Whether you travel by plane, train or automobile, your vacation is going to take an environmental toll. But you don't have to travel by foot or bike or to lessen some of the impact that your travel has on the planet. You can follow a few simple steps to help make your vacation more eco-friendly, without staying in a tent. In fact, you can stay in a hotel room-not even a LEED certified green hotel room-and still lessen your impact.
Your carbon footprint is the impact you make on the earth with the contributions you add to global warming. When you're home, you probably take care not too make too large an impact, but when you're traveling you may be more relaxed about the choices you make. Here are some things you can do to help offset your carbon impact when traveling.
Before you leave for your trip, visit a site like Carbonfund.org to calculate your carbon footprint. Then, calculate your carbon impact on your planned trip, including your transportation, whether it's plane, boat or train. Then, take steps to reduce your increased impact on the environment.
For frequent travelers you may want to develop habits, like frequent flyer and "green" comedian Dan Nainan. As a self-proclaimed tech junkie, when Nainan travels, he not only impacts the environment in the air, but with all his energy-needing gear. Here are some of his tips that he uses to offset his carbon footprint when he travels:
To save the water, chemicals and energy the hotel uses washing and laundering sheets and towels, place the "Do Not Disturb" sign on the door to prevent the maid from unnecessary cleaning. You most likely don't use clean linens everyday at home, so you don't need to use them when traveling either.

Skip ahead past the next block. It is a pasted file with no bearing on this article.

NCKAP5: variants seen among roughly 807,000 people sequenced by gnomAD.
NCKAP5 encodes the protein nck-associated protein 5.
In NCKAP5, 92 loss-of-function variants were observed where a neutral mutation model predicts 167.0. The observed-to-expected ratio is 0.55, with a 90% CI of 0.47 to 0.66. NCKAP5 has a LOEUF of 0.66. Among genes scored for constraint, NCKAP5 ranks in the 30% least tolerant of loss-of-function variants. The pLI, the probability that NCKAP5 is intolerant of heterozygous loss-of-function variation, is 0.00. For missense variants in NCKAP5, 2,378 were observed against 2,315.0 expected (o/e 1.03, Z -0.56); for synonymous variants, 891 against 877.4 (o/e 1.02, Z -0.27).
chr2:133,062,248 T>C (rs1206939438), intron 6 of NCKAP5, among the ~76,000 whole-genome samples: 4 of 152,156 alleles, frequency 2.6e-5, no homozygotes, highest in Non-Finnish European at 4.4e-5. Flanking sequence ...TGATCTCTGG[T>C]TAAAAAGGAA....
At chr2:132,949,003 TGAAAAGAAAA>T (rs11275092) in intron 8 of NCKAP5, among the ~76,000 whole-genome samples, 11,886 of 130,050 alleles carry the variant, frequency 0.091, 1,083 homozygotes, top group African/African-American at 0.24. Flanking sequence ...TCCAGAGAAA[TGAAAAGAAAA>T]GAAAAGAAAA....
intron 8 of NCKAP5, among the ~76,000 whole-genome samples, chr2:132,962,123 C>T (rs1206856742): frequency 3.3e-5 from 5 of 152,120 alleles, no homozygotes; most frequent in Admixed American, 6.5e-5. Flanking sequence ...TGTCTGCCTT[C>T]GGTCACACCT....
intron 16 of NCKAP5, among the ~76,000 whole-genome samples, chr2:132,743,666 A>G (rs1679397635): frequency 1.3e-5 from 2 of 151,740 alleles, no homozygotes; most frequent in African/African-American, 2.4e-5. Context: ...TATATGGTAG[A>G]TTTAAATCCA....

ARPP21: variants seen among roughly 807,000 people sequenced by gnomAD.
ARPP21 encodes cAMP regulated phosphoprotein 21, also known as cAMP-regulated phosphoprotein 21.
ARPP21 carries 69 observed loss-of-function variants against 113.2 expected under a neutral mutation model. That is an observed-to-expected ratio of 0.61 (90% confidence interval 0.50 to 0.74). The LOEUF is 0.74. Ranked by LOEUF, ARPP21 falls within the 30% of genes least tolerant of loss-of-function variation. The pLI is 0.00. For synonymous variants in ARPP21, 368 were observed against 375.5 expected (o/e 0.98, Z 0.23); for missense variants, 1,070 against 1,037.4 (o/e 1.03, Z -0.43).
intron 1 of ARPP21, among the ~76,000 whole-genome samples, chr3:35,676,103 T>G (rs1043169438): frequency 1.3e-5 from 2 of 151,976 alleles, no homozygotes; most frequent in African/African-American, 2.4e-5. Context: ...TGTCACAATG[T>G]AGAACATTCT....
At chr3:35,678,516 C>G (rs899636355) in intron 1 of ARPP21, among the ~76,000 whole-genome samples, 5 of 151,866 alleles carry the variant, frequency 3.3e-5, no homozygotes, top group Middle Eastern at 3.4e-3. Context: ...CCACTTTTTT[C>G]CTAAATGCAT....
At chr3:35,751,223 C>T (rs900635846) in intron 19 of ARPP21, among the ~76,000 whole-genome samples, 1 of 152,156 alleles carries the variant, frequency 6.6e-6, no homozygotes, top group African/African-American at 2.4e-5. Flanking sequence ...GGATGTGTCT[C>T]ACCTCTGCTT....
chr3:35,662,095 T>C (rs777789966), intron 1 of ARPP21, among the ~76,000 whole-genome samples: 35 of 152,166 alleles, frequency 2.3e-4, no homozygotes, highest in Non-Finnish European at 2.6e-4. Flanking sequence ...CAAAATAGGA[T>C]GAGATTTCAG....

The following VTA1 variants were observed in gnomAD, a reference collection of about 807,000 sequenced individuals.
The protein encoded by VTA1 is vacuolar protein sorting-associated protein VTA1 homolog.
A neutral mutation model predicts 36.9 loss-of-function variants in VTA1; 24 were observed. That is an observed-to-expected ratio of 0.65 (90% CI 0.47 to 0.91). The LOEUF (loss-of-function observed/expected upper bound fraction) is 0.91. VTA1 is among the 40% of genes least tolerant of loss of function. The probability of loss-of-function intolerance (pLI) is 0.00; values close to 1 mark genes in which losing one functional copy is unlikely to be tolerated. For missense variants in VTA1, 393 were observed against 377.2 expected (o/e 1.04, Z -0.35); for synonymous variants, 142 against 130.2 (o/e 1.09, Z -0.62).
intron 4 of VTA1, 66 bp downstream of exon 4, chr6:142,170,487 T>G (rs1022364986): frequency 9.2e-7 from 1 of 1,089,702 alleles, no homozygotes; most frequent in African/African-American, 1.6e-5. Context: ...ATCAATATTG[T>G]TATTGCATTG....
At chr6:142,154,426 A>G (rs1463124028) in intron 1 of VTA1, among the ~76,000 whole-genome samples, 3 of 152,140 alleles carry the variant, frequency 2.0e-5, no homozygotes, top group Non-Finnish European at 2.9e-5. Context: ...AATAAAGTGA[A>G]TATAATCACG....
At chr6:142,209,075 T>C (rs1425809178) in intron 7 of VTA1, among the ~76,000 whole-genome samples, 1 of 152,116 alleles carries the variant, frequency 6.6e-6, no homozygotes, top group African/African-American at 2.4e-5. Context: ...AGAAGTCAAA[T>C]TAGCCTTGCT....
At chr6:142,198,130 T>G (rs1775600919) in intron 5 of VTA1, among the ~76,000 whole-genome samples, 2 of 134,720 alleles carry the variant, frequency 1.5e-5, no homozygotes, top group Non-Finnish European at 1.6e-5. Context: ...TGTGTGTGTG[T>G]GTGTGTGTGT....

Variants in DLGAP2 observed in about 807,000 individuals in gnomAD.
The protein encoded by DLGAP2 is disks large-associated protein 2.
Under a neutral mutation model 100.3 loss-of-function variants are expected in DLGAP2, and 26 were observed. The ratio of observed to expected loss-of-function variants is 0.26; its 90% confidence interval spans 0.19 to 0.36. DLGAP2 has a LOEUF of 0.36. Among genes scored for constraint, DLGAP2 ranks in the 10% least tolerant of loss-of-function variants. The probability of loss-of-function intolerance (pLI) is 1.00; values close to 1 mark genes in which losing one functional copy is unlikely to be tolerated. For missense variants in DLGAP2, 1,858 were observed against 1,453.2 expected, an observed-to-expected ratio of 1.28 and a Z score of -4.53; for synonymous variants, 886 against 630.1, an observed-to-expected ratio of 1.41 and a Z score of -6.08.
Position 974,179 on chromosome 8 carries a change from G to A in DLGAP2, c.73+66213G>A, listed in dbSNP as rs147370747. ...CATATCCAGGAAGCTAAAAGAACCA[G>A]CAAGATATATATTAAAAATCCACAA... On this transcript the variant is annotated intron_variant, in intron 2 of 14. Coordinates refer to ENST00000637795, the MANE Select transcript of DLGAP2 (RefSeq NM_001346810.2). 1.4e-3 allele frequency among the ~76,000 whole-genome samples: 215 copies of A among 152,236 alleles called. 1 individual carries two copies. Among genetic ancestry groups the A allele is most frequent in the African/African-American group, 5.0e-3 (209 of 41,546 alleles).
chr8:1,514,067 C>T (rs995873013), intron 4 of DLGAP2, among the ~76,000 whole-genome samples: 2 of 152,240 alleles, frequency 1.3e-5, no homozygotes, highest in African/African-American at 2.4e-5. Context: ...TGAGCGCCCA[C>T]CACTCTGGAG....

Unplug anything in the room you're not using. If you don't watch TV, unplug it. If you use your cell phone as a watch and alarm clock, unplug the clock provided by the hotel. Unplug the air conditioner and ask for another blanket instead of using the heater. Cell phone chargers aren't the only electronic devices that use energy simply by being plugged in, so unplug any electronic devices you don't use, like the hairdryer attached to the wall in the bathroom.
Airplanes are most likely the biggest emissions contributor on your trip, so once you arrive at your destination, take mass transportation or walk. Flying commercial is not only budget-friendly but also more eco-friendly (think public versus private car). In fact, because a major part of carbon emissions as a result of travel stems from airline travel, a number of airlines have created carbon offset programs so that environmentally aware fliers can find out their carbon impact and then offset it, making their trip carbon neutral. Airlines that offer programs include Virgin, United, and Delta to name a few. You simply make a donation towards a carbon reduction program that helps to restore the environment and you can often use airline miles in these joint efforts so that you don't have to dip into your travel funds.
You may not be able to entirely offset your trip, but every little bit counts